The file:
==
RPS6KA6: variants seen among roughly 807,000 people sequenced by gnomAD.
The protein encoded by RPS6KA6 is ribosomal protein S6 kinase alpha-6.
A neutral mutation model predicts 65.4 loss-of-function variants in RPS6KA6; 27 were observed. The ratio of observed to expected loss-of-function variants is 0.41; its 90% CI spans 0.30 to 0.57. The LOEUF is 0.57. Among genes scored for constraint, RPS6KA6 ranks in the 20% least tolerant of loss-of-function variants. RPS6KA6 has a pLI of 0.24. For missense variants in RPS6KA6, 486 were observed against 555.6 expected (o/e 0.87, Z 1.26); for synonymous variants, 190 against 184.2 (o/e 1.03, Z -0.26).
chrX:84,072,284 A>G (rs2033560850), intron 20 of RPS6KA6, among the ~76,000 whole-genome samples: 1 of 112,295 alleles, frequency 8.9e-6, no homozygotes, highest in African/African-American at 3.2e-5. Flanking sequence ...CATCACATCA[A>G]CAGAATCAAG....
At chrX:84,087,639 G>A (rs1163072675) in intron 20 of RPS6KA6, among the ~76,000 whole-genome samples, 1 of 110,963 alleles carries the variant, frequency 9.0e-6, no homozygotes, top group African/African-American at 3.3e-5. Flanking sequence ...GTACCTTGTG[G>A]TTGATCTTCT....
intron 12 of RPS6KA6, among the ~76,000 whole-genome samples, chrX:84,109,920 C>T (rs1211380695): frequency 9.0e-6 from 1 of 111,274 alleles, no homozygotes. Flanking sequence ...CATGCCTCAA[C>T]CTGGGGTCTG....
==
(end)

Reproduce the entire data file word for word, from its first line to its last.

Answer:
RPS6KA6: variants seen among roughly 807,000 people sequenced by gnomAD.
The protein encoded by RPS6KA6 is ribosomal protein S6 kinase alpha-6.
A neutral mutation model predicts 65.4 loss-of-function variants in RPS6KA6; 27 were observed. The ratio of observed to expected loss-of-function variants is 0.41; its 90% CI spans 0.30 to 0.57. The LOEUF is 0.57. Among genes scored for constraint, RPS6KA6 ranks in the 20% least tolerant of loss-of-function variants. RPS6KA6 has a pLI of 0.24. For missense variants in RPS6KA6, 486 were observed against 555.6 expected (o/e 0.87, Z 1.26); for synonymous variants, 190 against 184.2 (o/e 1.03, Z -0.26).
chrX:84,072,284 A>G (rs2033560850), intron 20 of RPS6KA6, among the ~76,000 whole-genome samples: 1 of 112,295 alleles, frequency 8.9e-6, no homozygotes, highest in African/African-American at 3.2e-5. Flanking sequence ...CATCACATCA[A>G]CAGAATCAAG....
At chrX:84,087,639 G>A (rs1163072675) in intron 20 of RPS6KA6, among the ~76,000 whole-genome samples, 1 of 110,963 alleles carries the variant, frequency 9.0e-6, no homozygotes, top group African/African-American at 3.3e-5. Flanking sequence ...GTACCTTGTG[G>A]TTGATCTTCT....
intron 12 of RPS6KA6, among the ~76,000 whole-genome samples, chrX:84,109,920 C>T (rs1211380695): frequency 9.0e-6 from 1 of 111,274 alleles, no homozygotes. Flanking sequence ...CATGCCTCAA[C>T]CTGGGGTCTG....